A certain lawyer
To test Jesus.
What must I do
To inherit eternal life?’”
Καὶ ἰδοὺ νομικός τις ἀνέστη ἐκπειράζων αὐτὸν λέγων Διδάσκαλε, τί ποιήσας ζωὴν αἰώνιον κληρονομήσω;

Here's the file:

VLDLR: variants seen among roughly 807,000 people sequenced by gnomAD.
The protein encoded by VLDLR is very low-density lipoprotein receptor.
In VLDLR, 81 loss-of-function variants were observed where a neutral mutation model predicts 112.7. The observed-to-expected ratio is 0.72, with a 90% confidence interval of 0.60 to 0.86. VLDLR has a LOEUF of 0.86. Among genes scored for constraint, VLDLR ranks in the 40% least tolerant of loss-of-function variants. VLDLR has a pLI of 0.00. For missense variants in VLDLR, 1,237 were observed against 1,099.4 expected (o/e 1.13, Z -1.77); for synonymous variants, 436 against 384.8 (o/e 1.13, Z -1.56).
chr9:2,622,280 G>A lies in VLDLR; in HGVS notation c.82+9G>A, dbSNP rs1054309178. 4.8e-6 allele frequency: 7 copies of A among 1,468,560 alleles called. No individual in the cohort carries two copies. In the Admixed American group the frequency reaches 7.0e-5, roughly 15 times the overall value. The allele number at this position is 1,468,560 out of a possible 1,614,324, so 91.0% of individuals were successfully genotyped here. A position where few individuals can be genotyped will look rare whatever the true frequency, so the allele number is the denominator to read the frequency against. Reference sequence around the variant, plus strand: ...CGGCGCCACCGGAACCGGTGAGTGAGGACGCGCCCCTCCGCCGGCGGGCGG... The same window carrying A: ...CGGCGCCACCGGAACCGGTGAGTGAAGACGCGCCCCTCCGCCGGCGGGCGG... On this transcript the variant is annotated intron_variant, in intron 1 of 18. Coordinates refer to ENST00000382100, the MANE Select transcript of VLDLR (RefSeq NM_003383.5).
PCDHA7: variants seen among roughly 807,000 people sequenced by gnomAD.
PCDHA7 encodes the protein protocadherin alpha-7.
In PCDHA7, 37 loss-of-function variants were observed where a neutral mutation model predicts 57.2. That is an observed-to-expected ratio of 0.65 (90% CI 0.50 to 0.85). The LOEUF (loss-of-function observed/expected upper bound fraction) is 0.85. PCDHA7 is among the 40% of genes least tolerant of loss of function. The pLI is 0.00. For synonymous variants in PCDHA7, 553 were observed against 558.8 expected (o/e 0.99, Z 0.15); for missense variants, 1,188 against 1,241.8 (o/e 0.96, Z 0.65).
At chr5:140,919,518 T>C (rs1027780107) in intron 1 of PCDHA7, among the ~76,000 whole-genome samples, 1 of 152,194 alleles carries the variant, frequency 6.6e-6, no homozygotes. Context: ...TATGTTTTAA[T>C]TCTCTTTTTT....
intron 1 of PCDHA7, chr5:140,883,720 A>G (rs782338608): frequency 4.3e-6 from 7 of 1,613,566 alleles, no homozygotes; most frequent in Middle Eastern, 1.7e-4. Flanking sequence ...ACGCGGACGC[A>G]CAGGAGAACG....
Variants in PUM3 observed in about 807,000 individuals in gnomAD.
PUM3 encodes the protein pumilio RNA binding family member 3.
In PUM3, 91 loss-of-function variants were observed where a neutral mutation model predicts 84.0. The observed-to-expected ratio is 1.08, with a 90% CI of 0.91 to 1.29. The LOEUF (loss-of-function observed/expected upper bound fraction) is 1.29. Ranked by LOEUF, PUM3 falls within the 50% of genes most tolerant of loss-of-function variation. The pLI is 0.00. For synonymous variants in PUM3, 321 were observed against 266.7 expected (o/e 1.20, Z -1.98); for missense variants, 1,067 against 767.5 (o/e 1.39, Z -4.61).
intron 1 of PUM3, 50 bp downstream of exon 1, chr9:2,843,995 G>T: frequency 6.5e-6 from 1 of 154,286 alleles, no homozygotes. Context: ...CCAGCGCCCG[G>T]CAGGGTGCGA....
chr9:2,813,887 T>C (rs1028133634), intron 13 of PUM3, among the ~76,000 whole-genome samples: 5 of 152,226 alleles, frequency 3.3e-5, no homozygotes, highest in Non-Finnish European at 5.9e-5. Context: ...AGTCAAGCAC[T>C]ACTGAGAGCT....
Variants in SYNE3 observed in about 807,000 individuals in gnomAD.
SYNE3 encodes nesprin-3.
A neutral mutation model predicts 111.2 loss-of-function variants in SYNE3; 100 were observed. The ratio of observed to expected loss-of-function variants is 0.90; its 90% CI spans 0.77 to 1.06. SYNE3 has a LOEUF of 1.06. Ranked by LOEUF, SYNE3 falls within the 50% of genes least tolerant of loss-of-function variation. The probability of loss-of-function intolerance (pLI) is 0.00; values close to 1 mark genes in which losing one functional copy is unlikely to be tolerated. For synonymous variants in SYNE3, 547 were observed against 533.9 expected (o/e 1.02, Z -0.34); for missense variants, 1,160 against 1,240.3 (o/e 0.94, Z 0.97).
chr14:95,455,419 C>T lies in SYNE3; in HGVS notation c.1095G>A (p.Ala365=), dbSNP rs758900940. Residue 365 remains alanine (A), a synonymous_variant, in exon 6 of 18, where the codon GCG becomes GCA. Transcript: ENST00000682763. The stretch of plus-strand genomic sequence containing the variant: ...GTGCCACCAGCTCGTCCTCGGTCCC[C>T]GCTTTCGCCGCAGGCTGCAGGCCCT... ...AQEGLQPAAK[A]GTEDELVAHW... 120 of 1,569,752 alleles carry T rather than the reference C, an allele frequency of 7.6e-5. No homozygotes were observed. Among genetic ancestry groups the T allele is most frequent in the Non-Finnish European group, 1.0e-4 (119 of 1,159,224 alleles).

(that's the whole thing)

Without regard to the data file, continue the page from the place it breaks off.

Luke said that just then, a certain lawyer stood up (Καὶ ἰδοὺ νομικός τις ἀνέστη) to test Jesus (ἐκπειράζων αὐτὸν). He said, calling Jesus a teacher (λέγων Διδάσκαλε), what did he have to do to inherit eternal life (τί ποιήσας ζωὴν αἰώνιον κληρονομήσω)? Although there was a question like this in all 3 synoptics, there are nuanced differences. Matthew, chapter 22:35-36, had a Pharisee lawyer ask the question about the greatest commandment, and not about eternal life. Mark, chapter 12:28, had a Scribe, not a Pharisee lawyer ask the same question about the greatest commandment. In Luke, here, there was an unnamed lawyer, probably an expert in the Mosaic law, who wanted to know about how to gain eternal life. Mark had this unnamed Scribe approach Jesus, because he had heard the disciples discussing, disputing, or arguing with each other. He saw how Jesus had answered their questions so well. He was not there to test him, as here in Luke and Matthew, but he did question Jesus. Matthew had a lawyer, who was a Pharisee, question Jesus to explicitly test him. This Pharisee lawyer probably was someone skilled in the Mosaic law. He addressed Jesus in a very respectful tone calling him “Teacher” or rabbi (Διδάσκαλε), like Luke. He wanted to know which commandment of the law was the greatest, since there were 613 commandments in late Judaism. Thus, it would seem like a legitimate question with so many commandments or laws. Luke had the question about eternal life, but the other 2 synoptics questioned Jesus about the most important commandment. These questions were related, but not the same. 3 different people, with different motives, posed this question. Do you question people to learn something or to test them?